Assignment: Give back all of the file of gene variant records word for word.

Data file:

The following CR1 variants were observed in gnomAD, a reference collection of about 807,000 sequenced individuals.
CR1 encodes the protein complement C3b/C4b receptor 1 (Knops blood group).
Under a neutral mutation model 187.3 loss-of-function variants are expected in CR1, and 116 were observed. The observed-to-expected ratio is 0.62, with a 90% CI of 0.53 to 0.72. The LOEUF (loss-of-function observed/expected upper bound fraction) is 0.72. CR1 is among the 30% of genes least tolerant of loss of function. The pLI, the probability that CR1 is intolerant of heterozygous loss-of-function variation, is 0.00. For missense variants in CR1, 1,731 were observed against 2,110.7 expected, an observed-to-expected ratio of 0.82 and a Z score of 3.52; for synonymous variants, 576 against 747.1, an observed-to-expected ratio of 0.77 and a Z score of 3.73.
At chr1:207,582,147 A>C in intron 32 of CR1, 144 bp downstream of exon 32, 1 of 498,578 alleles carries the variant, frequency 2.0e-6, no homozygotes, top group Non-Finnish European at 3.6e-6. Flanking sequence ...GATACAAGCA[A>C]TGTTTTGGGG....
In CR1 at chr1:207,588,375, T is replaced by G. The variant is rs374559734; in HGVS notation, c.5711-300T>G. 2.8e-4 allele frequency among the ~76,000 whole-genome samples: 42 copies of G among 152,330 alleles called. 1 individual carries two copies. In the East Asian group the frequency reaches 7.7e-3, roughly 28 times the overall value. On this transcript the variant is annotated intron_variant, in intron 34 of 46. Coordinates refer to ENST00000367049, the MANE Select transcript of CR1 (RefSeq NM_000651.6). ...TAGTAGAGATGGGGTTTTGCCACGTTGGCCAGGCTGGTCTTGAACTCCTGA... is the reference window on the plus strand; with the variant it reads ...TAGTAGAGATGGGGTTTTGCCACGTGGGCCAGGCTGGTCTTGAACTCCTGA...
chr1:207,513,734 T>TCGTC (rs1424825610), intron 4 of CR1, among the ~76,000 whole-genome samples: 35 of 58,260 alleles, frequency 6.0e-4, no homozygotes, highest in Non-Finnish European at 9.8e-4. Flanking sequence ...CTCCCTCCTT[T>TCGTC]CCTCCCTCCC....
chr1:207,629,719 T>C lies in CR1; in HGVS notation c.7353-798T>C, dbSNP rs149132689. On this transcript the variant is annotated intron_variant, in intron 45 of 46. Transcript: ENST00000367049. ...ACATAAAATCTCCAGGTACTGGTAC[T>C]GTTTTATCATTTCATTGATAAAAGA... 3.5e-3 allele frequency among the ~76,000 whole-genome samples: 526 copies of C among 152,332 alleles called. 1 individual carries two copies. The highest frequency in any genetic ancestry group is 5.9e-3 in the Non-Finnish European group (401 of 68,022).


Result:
The following CR1 variants were observed in gnomAD, a reference collection of about 807,000 sequenced individuals.
CR1 encodes the protein complement C3b/C4b receptor 1 (Knops blood group).
Under a neutral mutation model 187.3 loss-of-function variants are expected in CR1, and 116 were observed. The observed-to-expected ratio is 0.62, with a 90% CI of 0.53 to 0.72. The LOEUF (loss-of-function observed/expected upper bound fraction) is 0.72. CR1 is among the 30% of genes least tolerant of loss of function. The pLI, the probability that CR1 is intolerant of heterozygous loss-of-function variation, is 0.00. For missense variants in CR1, 1,731 were observed against 2,110.7 expected, an observed-to-expected ratio of 0.82 and a Z score of 3.52; for synonymous variants, 576 against 747.1, an observed-to-expected ratio of 0.77 and a Z score of 3.73.
At chr1:207,582,147 A>C in intron 32 of CR1, 144 bp downstream of exon 32, 1 of 498,578 alleles carries the variant, frequency 2.0e-6, no homozygotes, top group Non-Finnish European at 3.6e-6. Flanking sequence ...GATACAAGCA[A>C]TGTTTTGGGG....
In CR1 at chr1:207,588,375, T is replaced by G. The variant is rs374559734; in HGVS notation, c.5711-300T>G. 2.8e-4 allele frequency among the ~76,000 whole-genome samples: 42 copies of G among 152,330 alleles called. 1 individual carries two copies. In the East Asian group the frequency reaches 7.7e-3, roughly 28 times the overall value. On this transcript the variant is annotated intron_variant, in intron 34 of 46. Coordinates refer to ENST00000367049, the MANE Select transcript of CR1 (RefSeq NM_000651.6). ...TAGTAGAGATGGGGTTTTGCCACGTTGGCCAGGCTGGTCTTGAACTCCTGA... is the reference window on the plus strand; with the variant it reads ...TAGTAGAGATGGGGTTTTGCCACGTGGGCCAGGCTGGTCTTGAACTCCTGA...
chr1:207,513,734 T>TCGTC (rs1424825610), intron 4 of CR1, among the ~76,000 whole-genome samples: 35 of 58,260 alleles, frequency 6.0e-4, no homozygotes, highest in Non-Finnish European at 9.8e-4. Flanking sequence ...CTCCCTCCTT[T>TCGTC]CCTCCCTCCC....
chr1:207,629,719 T>C lies in CR1; in HGVS notation c.7353-798T>C, dbSNP rs149132689. On this transcript the variant is annotated intron_variant, in intron 45 of 46. Transcript: ENST00000367049. ...ACATAAAATCTCCAGGTACTGGTAC[T>C]GTTTTATCATTTCATTGATAAAAGA... 3.5e-3 allele frequency among the ~76,000 whole-genome samples: 526 copies of C among 152,332 alleles called. 1 individual carries two copies. The highest frequency in any genetic ancestry group is 5.9e-3 in the Non-Finnish European group (401 of 68,022).